1p., 16mo. Bifolium. In fair condition, lightly aged and worn. Docketted on reverse of second leaf 'Sir H Bishop June 17th/46' (17 June 1846 was a Wednesday, so probably a mistake for the previous day). He is much obliged by her 'kind thought, in sending me a Ticket for you Concert', but it is uncertain whether he will be in London at that time, 'but I wish you, most sincerely, every success'.
Sir William George Cusins (1833-1893); Adelina Patti; Clara Kellogg; Zelia Trebelli-Bettini; Buckingham Palace; Ortner & Houle, 3 St James's Street, London printers
'Monday Evening, 16th June, 1879.' Ortner & Houle, 3 St James's Street, London SW.
Printed on one side of a piece of 4to paper, with thick embossed decorative border in imitation of lace. In fair condition, on aged and worn paper, with closed tears to frail border. Royal crest at head printed in gold and other colours and also embossed. Headed: 'BUCKINGHAM PALACE. | MONDAY EVENING, 16th. JUNE, 1879.' Fourteen pieces are listed, by Mendelssohn, Liszt, Wagner (2), Gounod (2), Bizet, Max Bruch, Rossini (2), Ambroise Thomas, Massenet, Schumann and Cimarosa. Apart from Patti, Kellogg and Trebelli, the performers are 'Herr Henschel', 'Mr. W. H.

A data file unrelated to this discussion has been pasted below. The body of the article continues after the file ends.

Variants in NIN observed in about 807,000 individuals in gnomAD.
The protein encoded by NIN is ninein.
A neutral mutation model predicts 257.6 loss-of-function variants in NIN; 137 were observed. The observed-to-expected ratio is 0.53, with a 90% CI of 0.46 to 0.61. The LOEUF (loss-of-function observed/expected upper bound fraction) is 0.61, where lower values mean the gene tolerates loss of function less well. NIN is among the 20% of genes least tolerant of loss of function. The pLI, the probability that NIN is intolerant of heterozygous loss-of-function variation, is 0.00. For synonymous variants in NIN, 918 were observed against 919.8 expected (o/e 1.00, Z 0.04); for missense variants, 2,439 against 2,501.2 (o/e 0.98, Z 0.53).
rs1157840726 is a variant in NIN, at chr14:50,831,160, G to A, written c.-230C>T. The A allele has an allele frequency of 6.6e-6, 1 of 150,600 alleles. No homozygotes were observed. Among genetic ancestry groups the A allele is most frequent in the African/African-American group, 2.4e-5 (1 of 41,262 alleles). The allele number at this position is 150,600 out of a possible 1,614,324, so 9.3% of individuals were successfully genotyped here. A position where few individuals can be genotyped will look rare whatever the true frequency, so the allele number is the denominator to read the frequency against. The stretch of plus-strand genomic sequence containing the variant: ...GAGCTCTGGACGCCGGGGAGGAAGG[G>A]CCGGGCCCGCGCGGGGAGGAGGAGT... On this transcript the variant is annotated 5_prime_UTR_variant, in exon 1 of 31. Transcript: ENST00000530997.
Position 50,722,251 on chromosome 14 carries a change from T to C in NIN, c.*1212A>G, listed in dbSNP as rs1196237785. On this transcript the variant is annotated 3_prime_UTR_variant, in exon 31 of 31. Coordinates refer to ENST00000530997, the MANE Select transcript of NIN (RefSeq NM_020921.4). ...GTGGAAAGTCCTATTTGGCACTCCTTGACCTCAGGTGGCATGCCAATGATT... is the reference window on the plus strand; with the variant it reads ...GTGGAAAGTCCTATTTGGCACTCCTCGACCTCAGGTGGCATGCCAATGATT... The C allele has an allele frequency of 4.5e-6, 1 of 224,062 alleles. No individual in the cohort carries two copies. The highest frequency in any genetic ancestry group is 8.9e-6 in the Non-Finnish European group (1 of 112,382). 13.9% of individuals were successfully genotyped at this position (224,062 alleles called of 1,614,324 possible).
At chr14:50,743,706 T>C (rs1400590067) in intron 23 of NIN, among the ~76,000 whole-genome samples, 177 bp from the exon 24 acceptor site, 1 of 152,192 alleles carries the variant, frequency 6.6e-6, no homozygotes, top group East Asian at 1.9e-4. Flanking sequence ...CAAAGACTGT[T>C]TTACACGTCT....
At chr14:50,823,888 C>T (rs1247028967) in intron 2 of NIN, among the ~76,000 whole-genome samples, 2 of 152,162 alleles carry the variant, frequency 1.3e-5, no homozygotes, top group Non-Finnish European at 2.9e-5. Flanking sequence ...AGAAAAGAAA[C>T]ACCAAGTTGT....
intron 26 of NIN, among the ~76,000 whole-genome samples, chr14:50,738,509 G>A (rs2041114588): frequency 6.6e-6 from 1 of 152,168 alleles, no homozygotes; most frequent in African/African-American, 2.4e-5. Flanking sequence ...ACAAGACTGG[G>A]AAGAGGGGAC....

Richard Redgrave (1804-1888), RA, artist and art director of the South Kensington Museum [ Clara Angela Macirone (1821-1895), pianist and composer; 1862 International Exhibition, London ]
Note: Mickleham; 5 June 1847. Letter: Kensington; 6 May 1862.
Both items in fair condition, on aged paper. NOTE: 1p, 12mo. He thanks her for an invitation to one of her concerts, 'rendered, as it is, more agreeable by the compliment she so agreeably pays to the sister art which he pursues'. LETTER: 2pp., 12mo. Bifolium. He would have replied sooner to her concert invitation, 'but the arrangement of pictures for the Gt Exhibition occupied my time up to the last moment of opening and has done for many weeks'. He has been 'so wearied with my late work that I am proposing to get away from town for a little rest the very concert day.
Sabilla Novello (1821-1904), singer and author, daughter of Vincent Novello (1781-1861), and sister of Mary Cowden Clarke (1809-1898), wife of Charles Cowden Clarke (1787-1877); Clara Angela Macirone
On letterhead of Villa Novello, via San Giacomo, Genova. 28 May 1878.